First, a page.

Nutritional intake

Energy intake varied between 1260.4 ± 387.8 [63] and 2048 ± 524 kcal [41] [mean ± standard deviation (SD)] and 22.8 (9.0) [54] and 33.2 (10.6) kcal/kg body weight (bw) per day [36] [median interquartile range (IQR)]. Protein intake (mean ± SD) ranged from 43.5 ± 13.7 [63] to 88 ± 21 g per day [41] and was 0.98 ± 0.27 g/kg body weight per day in the only study [66] that reported protein intake related to body weight. There was no information available on the prevalence of low energy or protein intake that would have reflected any available cut offs for these two parameters. Data on energy and macronutrient intake are shown in Online Resource 7, micronutrients intakes are shown in Online Resource 6.

Muscle strength and function

Handgrip strength was most commonly measured and values ranged between 11.8 ± 6.7 [53] and 26.3 ± 6.5 [58] kg (mean ± SD). Although this parameter is gender specific, only one study differentiated between men and women. There were no data available that reported the prevalence of reduced handgrip strength. An overview of handgrip strength values and other strength measurements is presented in Online Resource 8.

Muscle function was assessed in 17 studies (Online Resource 9). A high risk of falls according to Tinetti (< 19 points) was prevalent in 62% [29] of geriatric rehabilitation patients and according to the Physical Performance Test (< 8 points) in 28% [78]. Balance problems according to the Romberg scale were prevalent in 42% [79] of the patients.

Functional status

In total, 39 studies reported on ADL or IADL (Online Resource 10). The most commonly applied tool was the Barthel Index (BI). BI scores ranged between 19.8 ± 0.3 and 92 ± 7.7 points (mean ± SD). Most studies reported a BI between 42.4 ± 21.6 and 65.5 ± 26.3 points (mean ± SD) representing a reduced functional status (Online Resource 10). The total Functional Independence Measure (FIM) score had a broad range between 56 (43.5) [36] and 88.5 (41.0) points [63] (median (IQR). The Katz ADL score and the Lawton Brody IADL score ranged from 2.6 ± 1.9 [78, 80] to 3.9 ± 1.9 points [35] and from 1.7 ± 1.8 [55] to 4.8 ± 2.6 points [80] (mean ± SD), respectively, indicating reduced status of ADL and IADL.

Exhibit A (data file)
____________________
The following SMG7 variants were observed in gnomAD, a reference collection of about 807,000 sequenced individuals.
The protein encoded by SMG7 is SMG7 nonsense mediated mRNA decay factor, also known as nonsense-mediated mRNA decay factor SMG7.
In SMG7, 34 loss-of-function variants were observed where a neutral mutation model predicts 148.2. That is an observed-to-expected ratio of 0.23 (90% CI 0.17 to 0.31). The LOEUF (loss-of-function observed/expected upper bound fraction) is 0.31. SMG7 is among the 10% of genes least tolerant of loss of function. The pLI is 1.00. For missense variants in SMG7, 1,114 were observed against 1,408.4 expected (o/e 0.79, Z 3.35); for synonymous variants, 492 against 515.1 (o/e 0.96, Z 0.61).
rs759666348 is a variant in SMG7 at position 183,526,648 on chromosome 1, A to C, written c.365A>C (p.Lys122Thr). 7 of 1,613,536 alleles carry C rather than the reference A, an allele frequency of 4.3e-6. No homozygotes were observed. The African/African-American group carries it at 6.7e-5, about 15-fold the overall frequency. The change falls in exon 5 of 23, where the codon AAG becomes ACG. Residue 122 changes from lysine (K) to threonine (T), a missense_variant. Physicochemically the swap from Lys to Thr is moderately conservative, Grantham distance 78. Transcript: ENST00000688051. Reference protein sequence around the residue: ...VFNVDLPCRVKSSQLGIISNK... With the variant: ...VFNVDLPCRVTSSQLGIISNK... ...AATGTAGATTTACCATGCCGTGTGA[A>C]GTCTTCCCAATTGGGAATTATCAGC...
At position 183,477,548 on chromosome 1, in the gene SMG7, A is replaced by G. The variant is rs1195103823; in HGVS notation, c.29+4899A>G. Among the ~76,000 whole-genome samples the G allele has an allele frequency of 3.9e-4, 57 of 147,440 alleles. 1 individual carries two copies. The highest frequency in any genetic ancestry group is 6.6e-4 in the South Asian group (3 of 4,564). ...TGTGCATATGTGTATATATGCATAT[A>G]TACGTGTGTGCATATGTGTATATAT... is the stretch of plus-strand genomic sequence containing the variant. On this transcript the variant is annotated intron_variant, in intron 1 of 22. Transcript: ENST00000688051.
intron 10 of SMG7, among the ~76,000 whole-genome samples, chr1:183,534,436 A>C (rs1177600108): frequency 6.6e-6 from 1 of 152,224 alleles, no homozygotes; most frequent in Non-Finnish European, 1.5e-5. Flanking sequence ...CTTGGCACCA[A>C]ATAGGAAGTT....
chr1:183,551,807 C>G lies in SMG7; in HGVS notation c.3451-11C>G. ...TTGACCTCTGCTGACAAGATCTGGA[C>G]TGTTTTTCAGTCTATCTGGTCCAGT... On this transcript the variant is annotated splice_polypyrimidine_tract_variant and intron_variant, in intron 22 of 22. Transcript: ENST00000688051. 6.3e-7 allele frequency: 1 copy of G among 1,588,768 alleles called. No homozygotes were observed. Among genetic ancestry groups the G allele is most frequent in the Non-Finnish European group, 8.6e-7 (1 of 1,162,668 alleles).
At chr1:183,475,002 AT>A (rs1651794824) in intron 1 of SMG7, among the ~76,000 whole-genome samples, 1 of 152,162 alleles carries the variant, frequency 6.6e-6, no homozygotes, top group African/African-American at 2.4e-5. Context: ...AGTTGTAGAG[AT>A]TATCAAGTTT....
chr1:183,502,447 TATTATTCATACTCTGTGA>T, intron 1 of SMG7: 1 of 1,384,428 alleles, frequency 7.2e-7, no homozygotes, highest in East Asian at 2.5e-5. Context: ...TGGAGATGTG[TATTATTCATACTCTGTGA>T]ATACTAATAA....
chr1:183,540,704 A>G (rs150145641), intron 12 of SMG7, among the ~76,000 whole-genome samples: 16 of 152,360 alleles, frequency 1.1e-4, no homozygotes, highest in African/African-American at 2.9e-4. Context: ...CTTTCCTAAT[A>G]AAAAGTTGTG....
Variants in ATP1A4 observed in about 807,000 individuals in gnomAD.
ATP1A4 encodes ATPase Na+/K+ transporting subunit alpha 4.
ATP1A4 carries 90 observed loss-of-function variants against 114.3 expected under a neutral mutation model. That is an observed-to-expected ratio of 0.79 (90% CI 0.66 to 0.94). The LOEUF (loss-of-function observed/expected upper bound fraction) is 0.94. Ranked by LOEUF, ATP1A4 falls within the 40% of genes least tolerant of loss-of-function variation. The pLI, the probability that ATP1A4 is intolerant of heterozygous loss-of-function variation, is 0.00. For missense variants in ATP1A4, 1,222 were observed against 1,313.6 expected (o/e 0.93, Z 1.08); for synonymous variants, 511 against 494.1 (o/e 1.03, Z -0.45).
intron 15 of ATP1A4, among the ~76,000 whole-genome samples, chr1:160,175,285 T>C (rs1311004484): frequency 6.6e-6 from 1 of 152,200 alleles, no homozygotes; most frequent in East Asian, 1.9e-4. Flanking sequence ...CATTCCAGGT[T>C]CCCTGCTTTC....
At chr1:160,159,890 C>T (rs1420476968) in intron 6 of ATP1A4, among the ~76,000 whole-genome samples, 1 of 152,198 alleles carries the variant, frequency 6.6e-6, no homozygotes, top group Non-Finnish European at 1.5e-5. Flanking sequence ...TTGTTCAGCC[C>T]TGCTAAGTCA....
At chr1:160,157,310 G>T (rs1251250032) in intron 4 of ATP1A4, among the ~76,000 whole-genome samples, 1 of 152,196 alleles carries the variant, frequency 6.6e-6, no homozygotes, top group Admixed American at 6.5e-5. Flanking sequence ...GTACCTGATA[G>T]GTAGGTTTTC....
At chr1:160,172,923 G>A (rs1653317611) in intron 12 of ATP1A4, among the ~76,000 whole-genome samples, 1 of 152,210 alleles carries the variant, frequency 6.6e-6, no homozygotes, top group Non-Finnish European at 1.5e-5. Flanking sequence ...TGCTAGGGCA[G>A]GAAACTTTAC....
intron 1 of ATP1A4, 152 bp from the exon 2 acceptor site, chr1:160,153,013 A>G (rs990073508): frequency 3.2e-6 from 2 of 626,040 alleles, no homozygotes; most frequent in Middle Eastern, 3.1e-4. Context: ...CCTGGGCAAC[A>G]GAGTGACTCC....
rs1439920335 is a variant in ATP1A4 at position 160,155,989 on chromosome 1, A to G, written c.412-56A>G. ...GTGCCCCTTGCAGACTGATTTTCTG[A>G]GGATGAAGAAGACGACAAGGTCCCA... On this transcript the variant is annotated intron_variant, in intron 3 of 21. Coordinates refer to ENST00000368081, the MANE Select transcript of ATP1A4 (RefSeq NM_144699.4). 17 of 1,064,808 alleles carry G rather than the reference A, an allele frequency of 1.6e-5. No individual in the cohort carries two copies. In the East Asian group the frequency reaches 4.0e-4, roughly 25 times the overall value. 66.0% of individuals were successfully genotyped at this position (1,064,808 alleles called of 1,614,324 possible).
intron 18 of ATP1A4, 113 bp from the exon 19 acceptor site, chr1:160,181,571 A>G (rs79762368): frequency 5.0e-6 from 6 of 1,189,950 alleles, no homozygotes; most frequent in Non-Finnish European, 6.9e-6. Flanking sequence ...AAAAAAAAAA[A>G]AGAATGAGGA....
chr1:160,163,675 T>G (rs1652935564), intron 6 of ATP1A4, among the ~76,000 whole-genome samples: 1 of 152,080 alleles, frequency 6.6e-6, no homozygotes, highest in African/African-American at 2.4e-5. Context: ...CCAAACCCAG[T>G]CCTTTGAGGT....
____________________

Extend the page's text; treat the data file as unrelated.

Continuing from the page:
Body composition, sarcopenia and frailty

Body composition was measured in ten studies with bioelectrical impedance analysis (BIA) or dual-energy X-ray absorptiometry (DEXA) (Online Resource 11). Only five of ten studies represented gender-specific data on body composition. The prevalence of reduced muscle mass was described only by one study which reported a reduced SMMI (women < 5.4 kg/m2, men < 7.0 kg/m2) in 42.3% of women and 57.7% of men [63]. The prevalence of sarcopenia was reported in two studies and was 76.1% [62] according to the consensus definition of the Asian working group for sarcopenia and 40% (34% men, 46% women) [73] according to reduced fat-free mass index and quadriceps strength. Prevalence of frailty according to Fried was reported in one study [39]; 14.8% were frail and 55.6% prefrail.

Association between nutritional status and functional status

The association between nutritional status (MNA or MNA-SF) and functional parameters (BI or FIM) was analyzed in ten studies (Online Resource 12). Seven [31, 33, 34, 69, 76, 81, 82] out of ten studies reported a significant association between either low MNA or low MNA-SF and low BI or low FIM. One study [30] did not show an association and in two studies [54, 64] heterogeneous outcomes were observed. Higher BMI values (in the normal to overweight range) were significantly associated with higher scores of the BI [68] and the FIM [64] in one study each. However, five [31, 54, 57, 66, 69] out of seven studies did not indicate significant associations between BMI and either BI or FIM (Online Resource 13).